The Raidan R100 also offers a machine-washable cover, an option to add a cup holder or two (these are sold separately), and a comfortable plush fabric.
What We Like Best:
It’s true that we’ve gone over the safety and comfort features of each seat – but there’s more to choosing a convertible car seat than just words.
In the table below, you’ll see the “specs” of each seat, including child height and weight, seatbelt lock-of info, and a summary of what we wrote about installation.
|Car Seat||Rear-facing weight range:||Forward-facing weight range:||Height limit:||Installation method:||No-fail installation?||Seat weight:||Seatbelt lock-off?||Good from birth?|
|Clek Fllo||14 – 50 lbs|
(6.4 – 22.7 kg)
(from 5 lbs with infant thingy)
|22 – 65 lbs||25 – 43 in |
(64 – 110 cm)
30 – 49 in
(76 – 127 cm)
(infant thingy supports rear-facing from 19”)
|Rear facing using base |
Both seatbelt and LATCH capable
LATCH and seatbelt installation are not mutually exclusive
|No, but if you watch the video, you're not likely to mess it up.||25 lbs,|
28 lbs with anti- rebound bar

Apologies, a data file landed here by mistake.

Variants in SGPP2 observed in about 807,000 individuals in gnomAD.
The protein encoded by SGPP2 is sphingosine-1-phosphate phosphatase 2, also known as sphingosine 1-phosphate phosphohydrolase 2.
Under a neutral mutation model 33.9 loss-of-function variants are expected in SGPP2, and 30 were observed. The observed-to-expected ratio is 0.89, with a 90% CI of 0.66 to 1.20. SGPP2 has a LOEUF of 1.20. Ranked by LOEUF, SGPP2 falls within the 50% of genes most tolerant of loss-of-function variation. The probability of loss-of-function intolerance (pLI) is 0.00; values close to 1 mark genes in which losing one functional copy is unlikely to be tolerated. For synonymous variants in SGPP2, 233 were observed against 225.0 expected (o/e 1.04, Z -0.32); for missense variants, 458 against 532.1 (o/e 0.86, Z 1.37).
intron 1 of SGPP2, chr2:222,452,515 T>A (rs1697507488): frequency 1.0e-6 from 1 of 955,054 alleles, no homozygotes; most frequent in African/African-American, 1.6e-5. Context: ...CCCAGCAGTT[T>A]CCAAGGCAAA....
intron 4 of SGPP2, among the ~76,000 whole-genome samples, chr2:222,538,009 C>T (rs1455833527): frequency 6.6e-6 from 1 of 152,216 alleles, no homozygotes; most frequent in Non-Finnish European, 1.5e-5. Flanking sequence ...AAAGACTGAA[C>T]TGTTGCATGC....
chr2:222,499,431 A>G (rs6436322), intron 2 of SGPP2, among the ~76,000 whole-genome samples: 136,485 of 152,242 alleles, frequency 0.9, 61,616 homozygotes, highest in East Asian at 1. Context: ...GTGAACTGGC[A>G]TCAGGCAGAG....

|Yes.||Yes, but needs their "infant-thingy" insert.|
|Britax Marathon ClickTight||5 – 40 lbs||20 – 65 lbs||49” or less||Seatbelt installation and LATCH (using lower anchors only)|
Both Australian and Swedish tethers are supported
|Yes, proprietary ClickTight installation.||28.5 lbs||Yes - the ClickTight button.||Yes.|
|Chicco NextFit||5 – 40 lbs||22 – 65 lbs||Up to 49 “ rear facing||Complete support for both LATCH and seatbelt||Claims to be easiest and simplest, but users have reported failures.||25.5 lbs||Yes.||Yes.|
|Diono Radian R100||5-40 lbs||20 – 65 lbs|
Converts to booster for up to 100 lbs
|Rear facing < 44”|
Forward facing < 57”
|Seatbelt and Latch||Unique super latch system “that makes installation easy.”||~26 lbs||No.||Yes.|
|Evenflo Symphony DLX||5 – 40 lbs.|
(2.3 – 18 kg)
|22 – 65 lbs|
(10 – 29.4 kg)
As booster 40 – 110 lbs
(18 – 49.8 kg)
|19 – 40 in|
(48 – 102 cm)
28 – 50 in
(71 – 127 cm)
as booster 44 – 57 in